From Woody Allen’s brilliant 1977 Picture of the Year Annie Hall…
Allison: No, that was wonderful. I love being reduced to a cultural stereotype.
Alvy: Right, I’m a bigot, I know, but for the left.
An unassailable life truth is that we are all very much married to our world views, and those marriages are hard to break up. Even in the face of facts, or just potential facts, that contradict the intellectual world we build, we hesitate, or stop entirely.
I witnessed this recently when I tweeted links to two videos about police-involved shootings.
Twitter mined the titles of the videos, not me, but based on that, my most liberal friends presumed that I had stated, “Police don’t shoot people for being black.” I also linked to the same vlogger’s, “Another person lying about the police on the internet.”
I hoped my friends, especially my liberal friends, would watch the whole video and render an opinion or two to shed some light on this issue. Sadly, it was not to be.
One friend said, “Are you saying, ‘Police don’t shoot people for being black’?” She added that she didn’t “have time” to watch the videos. In fact, I had only posted a link, and said nothing about the nature of police shootings.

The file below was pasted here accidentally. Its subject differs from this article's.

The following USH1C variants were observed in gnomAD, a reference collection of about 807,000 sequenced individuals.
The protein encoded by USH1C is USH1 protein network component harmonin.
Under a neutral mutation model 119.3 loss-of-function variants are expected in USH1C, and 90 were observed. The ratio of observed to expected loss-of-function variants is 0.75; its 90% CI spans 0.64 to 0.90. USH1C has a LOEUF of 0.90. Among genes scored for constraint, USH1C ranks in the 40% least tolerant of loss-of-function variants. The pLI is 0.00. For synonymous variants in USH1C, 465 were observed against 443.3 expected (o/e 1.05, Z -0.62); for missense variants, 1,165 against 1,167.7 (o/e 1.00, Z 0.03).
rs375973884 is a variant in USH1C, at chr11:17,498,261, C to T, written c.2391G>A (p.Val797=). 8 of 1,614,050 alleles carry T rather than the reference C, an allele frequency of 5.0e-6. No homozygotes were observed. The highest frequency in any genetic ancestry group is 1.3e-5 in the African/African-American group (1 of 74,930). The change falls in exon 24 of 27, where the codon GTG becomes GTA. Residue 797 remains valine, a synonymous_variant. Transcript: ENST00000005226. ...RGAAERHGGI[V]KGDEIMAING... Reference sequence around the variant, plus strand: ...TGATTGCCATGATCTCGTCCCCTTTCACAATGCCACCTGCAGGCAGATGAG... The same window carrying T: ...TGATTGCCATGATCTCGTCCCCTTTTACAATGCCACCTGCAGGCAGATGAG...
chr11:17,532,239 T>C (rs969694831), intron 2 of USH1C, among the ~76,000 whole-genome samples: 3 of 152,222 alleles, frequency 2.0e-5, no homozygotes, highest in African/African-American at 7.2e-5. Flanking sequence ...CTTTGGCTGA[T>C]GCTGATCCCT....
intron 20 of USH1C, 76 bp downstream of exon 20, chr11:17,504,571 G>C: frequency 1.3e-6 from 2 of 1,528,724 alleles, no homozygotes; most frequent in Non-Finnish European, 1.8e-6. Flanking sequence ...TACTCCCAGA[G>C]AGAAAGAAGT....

Another told me he’d watched about a minute of the video and stopped. “I’ve seen enough,” he said. He also accused me of using a rhetorical tactic called JAQing Off. I was not.
This is the kind of dismissal is what I’ve come to expect from pulpit, not from my supposedly enlightened, open minded friends.
My opinion of these videos is contextual: they are made by a vlogger calling himself Donut Operator, and his perspective is very practical and very law-enforcement oriented. I certainly don’t agree with everything he says, but I can begin to form an opinion based on the growing number of videos he published. If you refuse to watch any of them, your opinion of him = 0.
Along those same lines, I have a friend, whose opinions I value, who once declined to listen to a song I recommended because the lyrics stated a different religious point of view than his own. The song didn’t tell him to leave his religion or even that his religion was wrong, but simply stated another set of beliefs. But this friend of mine shoved his fingers in his ears, almost literally.
The deepest, darkest, most frustrating aspect of these disconcerting dialog is that it means that we all live in fear, in darkness, in slavery. Is there anyone out there who actually watches debates with an open mind, listens to podcasts with an open mind, reads news article to the end with an open mind? Or are all our minds made up?